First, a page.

It felt particularly important to me right now to do this. And luckily, the right guys rambled in, the right people showed up during the taping. And I'm not regretting the way we're doing this. I love that we're in a position to release this ourselves. I love it. But I grew up where music had big ideas, and I want these songs to reach as many people as possible that are willing to welcome it. That's what I want. That's what I've always wanted.
I often go back to something you said: "I just want everyone to win." I think that you, as a narrator to these stories, as grim as they can sometimes become, I think that's the reason why I feel my heart really lift when I listen to these records. The music is always in your corner. The music is always pushing you forward. There's a value to and a beauty in the struggle.
I remember saying that. I gotta tell you, in life we get these opportunities to have some greater understanding of our own conflicts and our own struggles in the context of some kind of amazing story.
The other day I was walking into a convenience store, and I saw this woman, and she looked like she had come face to face with every sad event possible. It was in her eyes and it was in her skin. It was in the way that her mouth kind of hung there, and I had this thought when I looked at her: "Love does that too."
In our lives, we experience things that become real to us. They shape us and they challenge us and if we're not careful, they can define us. And what I wanted to do with this record, and with the vast majority of my work, is to show people that if you can get some perspective on what you have known, you can resist it defining you, if what you have known is darkening you.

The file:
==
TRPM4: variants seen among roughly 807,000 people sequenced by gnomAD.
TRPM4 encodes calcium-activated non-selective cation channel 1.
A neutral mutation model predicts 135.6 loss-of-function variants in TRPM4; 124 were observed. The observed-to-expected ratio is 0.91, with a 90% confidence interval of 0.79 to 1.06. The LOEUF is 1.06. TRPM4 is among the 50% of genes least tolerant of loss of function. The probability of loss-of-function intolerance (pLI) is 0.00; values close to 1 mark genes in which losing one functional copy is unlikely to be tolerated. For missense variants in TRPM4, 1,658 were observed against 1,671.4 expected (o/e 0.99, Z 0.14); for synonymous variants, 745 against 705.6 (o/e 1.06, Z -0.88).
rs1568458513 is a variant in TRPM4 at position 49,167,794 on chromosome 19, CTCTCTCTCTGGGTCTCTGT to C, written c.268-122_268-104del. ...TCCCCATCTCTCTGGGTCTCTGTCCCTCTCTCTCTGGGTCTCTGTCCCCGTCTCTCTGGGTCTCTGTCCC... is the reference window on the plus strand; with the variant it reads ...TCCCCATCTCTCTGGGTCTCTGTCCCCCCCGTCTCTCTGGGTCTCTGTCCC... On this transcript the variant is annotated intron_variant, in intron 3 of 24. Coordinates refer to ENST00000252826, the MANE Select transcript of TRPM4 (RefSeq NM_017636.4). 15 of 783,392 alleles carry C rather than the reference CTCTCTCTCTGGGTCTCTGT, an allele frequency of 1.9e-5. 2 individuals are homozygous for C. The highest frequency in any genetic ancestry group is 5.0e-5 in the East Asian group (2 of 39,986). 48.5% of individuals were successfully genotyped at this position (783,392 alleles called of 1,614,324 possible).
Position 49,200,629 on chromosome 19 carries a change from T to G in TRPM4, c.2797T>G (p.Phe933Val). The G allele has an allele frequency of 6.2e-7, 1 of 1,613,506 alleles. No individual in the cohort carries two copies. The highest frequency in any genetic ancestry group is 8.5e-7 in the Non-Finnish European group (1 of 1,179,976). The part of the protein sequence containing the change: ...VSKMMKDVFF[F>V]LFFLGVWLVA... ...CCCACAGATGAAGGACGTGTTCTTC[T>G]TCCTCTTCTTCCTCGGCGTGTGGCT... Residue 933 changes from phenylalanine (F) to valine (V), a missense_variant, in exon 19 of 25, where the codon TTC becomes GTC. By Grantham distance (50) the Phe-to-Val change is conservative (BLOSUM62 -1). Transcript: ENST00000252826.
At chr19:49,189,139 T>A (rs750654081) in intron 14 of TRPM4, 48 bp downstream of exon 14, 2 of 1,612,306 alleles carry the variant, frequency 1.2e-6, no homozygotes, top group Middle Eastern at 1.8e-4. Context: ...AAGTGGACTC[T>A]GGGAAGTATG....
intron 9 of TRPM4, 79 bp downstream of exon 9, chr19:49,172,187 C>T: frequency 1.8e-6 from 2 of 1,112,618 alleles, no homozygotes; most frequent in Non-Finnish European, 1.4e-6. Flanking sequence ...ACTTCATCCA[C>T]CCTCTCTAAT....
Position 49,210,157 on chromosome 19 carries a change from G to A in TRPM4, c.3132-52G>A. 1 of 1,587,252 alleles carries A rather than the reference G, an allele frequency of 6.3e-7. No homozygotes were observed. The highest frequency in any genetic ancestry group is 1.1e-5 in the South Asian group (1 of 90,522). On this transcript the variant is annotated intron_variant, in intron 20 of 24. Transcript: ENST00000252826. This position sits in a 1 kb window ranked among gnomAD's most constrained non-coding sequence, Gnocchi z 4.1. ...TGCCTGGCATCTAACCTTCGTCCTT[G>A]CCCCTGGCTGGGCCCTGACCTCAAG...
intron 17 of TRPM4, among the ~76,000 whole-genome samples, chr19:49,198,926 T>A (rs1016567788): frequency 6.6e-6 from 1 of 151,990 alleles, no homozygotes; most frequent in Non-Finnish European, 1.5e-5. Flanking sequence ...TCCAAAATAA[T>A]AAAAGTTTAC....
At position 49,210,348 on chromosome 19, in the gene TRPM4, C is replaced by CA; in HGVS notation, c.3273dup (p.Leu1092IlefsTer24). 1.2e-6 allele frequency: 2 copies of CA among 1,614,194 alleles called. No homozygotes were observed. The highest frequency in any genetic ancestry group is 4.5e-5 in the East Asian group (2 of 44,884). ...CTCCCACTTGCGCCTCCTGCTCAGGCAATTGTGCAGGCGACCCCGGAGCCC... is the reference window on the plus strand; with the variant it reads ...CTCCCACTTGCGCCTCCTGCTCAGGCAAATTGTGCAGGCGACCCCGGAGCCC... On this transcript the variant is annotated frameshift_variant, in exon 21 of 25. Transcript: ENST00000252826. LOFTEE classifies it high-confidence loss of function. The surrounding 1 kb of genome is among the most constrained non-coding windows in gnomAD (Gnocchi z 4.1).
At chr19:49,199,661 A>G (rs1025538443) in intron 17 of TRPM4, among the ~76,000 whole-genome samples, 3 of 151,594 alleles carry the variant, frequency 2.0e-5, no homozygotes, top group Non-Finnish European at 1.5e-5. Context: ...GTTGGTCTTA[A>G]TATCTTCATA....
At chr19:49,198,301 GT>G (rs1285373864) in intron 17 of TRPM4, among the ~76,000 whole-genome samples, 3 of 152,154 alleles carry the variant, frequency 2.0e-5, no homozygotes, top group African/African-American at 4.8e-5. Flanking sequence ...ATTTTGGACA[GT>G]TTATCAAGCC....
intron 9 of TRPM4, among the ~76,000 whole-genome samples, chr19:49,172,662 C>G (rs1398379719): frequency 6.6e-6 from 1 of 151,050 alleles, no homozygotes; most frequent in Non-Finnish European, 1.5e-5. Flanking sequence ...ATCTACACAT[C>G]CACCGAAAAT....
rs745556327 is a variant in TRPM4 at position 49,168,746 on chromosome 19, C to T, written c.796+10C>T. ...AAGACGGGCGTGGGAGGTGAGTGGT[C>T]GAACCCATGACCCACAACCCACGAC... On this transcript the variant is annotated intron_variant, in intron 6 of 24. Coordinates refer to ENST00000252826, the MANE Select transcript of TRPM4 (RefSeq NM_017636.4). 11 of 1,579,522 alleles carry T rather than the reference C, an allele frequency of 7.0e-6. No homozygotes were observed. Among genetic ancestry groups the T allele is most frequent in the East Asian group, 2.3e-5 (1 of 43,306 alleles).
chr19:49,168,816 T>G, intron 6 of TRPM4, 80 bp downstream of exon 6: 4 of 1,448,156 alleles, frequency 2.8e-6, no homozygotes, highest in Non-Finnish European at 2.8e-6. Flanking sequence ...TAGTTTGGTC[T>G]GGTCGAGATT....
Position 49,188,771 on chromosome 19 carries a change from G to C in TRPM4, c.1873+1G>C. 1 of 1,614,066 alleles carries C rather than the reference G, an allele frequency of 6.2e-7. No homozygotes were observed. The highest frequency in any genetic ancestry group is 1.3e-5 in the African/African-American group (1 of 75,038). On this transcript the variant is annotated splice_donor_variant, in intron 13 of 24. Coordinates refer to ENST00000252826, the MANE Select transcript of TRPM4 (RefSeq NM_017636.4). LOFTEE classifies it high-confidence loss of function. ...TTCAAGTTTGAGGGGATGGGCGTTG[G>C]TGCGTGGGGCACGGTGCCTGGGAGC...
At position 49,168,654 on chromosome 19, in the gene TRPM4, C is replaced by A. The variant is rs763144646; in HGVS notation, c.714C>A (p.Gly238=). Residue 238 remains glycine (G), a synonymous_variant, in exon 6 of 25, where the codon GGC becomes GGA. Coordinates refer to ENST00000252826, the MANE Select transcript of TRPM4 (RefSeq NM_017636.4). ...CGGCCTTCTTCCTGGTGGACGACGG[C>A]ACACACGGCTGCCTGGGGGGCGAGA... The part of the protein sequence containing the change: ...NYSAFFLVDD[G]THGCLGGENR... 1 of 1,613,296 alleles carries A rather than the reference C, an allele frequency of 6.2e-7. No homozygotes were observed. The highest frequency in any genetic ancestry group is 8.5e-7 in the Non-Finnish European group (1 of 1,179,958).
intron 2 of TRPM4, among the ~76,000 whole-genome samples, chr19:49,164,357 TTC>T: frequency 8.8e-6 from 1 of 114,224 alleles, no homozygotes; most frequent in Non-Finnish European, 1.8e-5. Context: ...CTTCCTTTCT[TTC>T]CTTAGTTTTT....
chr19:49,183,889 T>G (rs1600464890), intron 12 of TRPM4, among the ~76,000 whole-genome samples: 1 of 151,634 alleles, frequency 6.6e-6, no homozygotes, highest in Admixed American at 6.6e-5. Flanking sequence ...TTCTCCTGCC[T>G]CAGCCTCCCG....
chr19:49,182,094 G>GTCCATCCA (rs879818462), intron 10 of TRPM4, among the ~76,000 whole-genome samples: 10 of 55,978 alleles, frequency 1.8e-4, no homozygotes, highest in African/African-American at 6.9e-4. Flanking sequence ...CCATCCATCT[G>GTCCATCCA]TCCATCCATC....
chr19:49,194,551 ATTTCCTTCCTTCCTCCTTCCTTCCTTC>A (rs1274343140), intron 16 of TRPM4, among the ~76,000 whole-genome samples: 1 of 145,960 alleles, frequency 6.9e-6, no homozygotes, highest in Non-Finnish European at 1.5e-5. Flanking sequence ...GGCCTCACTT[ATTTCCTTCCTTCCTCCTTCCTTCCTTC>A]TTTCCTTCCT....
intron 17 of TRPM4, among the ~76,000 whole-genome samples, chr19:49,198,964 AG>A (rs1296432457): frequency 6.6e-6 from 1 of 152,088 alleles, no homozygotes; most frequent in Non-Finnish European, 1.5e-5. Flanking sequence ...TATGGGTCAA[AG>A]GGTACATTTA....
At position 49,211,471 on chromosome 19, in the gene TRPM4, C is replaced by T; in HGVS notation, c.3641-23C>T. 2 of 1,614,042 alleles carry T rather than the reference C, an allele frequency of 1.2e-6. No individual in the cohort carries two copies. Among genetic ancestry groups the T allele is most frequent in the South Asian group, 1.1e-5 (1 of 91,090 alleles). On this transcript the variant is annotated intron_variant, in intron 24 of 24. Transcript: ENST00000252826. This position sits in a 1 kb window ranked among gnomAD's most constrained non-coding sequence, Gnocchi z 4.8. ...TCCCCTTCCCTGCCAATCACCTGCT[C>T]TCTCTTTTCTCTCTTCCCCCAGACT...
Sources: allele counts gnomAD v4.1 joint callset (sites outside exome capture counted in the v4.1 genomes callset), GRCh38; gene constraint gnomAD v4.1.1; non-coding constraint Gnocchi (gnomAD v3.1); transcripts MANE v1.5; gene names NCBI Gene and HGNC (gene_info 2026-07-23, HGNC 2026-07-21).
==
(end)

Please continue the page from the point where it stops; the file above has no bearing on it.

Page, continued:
That's the one thing that I would want to say insofar as, I do want everyone to win. Because people can win. The other thing is -- and when I say these things, man, I don't mean it like some evangelical or some kind of mysticism, you know? But I remember reading 'Dulce Et Decorum Est,' by Wilfred Owen, and reading these stories about these soldiers during World War I, where every hope and dream is completely snuffed out, because of madness or some economic goal. And they end up on the back of a wagon, dead. And after reading that, I remembering hearing stories from an uncle who was in Vietnam, and how they were sent there. And they were sent there for reasons that we did and we did not understand.
There's a viciousness in society, and I reject that. It really is a part of my engine that I don't people to be defined by happenstance and by bad blood. I think we have a responsibility to ourselves and for what we do, don't get me wrong. But I think we have a responsibility to each other to have that shot.
And I'd argue that each of your best songs reflects that -- the responsibility to ourselves and our responsibility to each other. It's reflected in what you say about intimacy, it's reflected in this conversation about community, and it's reflected in the stories you tell on 'Boxers.'
Thank you. That's what I'm trying to say.